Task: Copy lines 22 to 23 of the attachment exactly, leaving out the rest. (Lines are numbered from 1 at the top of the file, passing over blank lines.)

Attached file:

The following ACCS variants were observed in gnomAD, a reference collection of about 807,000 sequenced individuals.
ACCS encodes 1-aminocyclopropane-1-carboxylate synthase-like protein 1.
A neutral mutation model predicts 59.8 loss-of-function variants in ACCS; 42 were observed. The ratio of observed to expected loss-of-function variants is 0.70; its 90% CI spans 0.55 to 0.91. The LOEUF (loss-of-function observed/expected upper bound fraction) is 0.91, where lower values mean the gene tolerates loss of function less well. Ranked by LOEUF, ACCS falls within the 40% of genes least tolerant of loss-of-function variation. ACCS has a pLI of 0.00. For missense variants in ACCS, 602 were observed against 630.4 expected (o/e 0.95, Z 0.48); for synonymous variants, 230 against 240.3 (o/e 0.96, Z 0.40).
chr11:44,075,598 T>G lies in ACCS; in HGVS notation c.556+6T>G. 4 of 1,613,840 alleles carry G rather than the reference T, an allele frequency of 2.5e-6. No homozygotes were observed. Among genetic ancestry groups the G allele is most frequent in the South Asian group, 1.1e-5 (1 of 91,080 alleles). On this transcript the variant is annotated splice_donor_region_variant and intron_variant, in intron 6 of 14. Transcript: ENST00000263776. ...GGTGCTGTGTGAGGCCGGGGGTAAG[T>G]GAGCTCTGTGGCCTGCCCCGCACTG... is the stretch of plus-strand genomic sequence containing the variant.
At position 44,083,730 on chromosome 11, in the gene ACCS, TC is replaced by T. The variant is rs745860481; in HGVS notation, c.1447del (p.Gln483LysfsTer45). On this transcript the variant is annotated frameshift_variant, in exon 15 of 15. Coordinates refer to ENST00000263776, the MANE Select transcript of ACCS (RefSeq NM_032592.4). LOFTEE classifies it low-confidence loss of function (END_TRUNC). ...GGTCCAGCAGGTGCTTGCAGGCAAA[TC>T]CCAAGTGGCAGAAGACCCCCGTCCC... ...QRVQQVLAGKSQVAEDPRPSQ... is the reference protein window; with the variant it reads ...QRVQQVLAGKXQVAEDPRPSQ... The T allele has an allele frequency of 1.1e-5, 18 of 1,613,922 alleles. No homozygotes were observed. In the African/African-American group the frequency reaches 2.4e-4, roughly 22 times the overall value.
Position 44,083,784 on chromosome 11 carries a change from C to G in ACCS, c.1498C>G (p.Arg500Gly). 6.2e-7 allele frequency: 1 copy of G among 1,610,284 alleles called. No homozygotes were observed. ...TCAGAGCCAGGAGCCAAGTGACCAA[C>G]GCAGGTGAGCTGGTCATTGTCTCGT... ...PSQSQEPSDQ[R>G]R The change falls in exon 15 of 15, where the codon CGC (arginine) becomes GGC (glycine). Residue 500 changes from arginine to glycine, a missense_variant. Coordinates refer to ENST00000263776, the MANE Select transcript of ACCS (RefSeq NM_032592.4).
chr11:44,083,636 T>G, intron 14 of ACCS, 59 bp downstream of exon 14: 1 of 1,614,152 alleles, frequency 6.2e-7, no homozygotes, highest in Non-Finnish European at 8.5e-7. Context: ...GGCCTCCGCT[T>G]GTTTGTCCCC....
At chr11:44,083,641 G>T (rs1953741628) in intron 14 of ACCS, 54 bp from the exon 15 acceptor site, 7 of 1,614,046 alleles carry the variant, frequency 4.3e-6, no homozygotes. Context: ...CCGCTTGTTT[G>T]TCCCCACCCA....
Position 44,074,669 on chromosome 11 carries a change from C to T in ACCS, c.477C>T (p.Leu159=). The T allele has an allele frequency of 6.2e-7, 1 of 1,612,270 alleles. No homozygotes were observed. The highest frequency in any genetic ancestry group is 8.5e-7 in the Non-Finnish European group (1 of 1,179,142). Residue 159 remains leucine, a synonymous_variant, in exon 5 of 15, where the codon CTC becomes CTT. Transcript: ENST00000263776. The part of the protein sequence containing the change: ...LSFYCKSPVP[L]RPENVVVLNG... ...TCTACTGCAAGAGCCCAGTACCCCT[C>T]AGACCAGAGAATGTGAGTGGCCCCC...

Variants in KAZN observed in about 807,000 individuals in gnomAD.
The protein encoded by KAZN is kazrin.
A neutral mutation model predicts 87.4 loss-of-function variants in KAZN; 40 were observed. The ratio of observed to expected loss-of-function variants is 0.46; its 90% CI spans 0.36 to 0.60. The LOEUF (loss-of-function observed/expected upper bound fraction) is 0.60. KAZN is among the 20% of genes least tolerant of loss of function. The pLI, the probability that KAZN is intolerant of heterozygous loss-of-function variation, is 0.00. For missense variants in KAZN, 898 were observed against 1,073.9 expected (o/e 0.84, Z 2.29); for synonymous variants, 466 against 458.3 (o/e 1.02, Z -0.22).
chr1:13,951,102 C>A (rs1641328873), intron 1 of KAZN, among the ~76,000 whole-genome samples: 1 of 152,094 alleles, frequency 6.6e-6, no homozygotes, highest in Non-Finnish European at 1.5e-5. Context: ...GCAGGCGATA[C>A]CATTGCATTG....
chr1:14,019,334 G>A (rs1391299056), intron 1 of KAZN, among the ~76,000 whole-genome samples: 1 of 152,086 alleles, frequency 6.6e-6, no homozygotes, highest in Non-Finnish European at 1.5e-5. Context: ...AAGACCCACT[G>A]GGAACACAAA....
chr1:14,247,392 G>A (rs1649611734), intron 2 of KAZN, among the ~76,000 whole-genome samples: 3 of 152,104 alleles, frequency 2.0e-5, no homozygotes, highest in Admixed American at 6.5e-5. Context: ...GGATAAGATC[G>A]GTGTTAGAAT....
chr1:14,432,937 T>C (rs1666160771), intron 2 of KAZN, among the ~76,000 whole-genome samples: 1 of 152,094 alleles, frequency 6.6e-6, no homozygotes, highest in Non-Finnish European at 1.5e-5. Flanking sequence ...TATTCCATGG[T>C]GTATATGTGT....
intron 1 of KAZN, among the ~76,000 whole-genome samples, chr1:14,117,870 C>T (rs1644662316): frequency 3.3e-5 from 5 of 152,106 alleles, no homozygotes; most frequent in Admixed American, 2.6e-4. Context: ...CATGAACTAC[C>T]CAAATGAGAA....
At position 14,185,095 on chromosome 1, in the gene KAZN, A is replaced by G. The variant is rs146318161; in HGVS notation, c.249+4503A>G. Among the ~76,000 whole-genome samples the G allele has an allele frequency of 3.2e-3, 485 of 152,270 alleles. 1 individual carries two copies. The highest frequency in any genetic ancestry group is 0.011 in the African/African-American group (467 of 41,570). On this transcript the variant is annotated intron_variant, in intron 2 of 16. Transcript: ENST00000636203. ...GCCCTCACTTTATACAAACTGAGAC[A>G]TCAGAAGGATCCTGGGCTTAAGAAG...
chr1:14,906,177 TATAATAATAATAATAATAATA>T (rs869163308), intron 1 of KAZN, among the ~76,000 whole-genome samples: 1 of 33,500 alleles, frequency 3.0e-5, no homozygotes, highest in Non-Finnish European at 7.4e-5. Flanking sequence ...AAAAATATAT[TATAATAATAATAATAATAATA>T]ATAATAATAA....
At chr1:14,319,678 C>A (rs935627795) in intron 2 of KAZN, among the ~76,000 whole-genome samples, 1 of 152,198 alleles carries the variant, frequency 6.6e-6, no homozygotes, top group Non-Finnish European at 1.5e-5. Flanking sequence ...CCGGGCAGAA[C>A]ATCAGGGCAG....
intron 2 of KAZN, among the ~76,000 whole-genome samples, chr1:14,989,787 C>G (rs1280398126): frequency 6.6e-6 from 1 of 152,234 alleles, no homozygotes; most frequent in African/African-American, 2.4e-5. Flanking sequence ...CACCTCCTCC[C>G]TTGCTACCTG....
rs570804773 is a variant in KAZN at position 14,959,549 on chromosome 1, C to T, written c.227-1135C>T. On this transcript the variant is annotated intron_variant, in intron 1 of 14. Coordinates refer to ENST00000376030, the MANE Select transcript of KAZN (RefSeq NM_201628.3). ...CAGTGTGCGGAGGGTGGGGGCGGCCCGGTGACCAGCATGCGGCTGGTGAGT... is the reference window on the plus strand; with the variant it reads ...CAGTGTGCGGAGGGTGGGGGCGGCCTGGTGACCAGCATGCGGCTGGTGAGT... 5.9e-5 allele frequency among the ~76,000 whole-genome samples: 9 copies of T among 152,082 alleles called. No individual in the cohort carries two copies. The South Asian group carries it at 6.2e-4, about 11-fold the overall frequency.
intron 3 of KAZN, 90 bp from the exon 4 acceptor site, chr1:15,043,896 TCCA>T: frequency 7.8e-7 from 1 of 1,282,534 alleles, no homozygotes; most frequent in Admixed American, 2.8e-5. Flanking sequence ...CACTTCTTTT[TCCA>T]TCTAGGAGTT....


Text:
rs570804773 is a variant in KAZN at position 14,959,549 on chromosome 1, C to T, written c.227-1135C>T. On this transcript the variant is annotated intron_variant, in intron 1 of 14. Coordinates refer to ENST00000376030, the MANE Select transcript of KAZN (RefSeq NM_201628.3). ...CAGTGTGCGGAGGGTGGGGGCGGCCCGGTGACCAGCATGCGGCTGGTGAGT... is the reference window on the plus strand; with the variant it reads ...CAGTGTGCGGAGGGTGGGGGCGGCCTGGTGACCAGCATGCGGCTGGTGAGT... 5.9e-5 allele frequency among the ~76,000 whole-genome samples: 9 copies of T among 152,082 alleles called. No individual in the cohort carries two copies. The South Asian group carries it at 6.2e-4, about 11-fold the overall frequency.
intron 3 of KAZN, 90 bp from the exon 4 acceptor site, chr1:15,043,896 TCCA>T: frequency 7.8e-7 from 1 of 1,282,534 alleles, no homozygotes; most frequent in Admixed American, 2.8e-5. Flanking sequence ...CACTTCTTTT[TCCA>T]TCTAGGAGTT....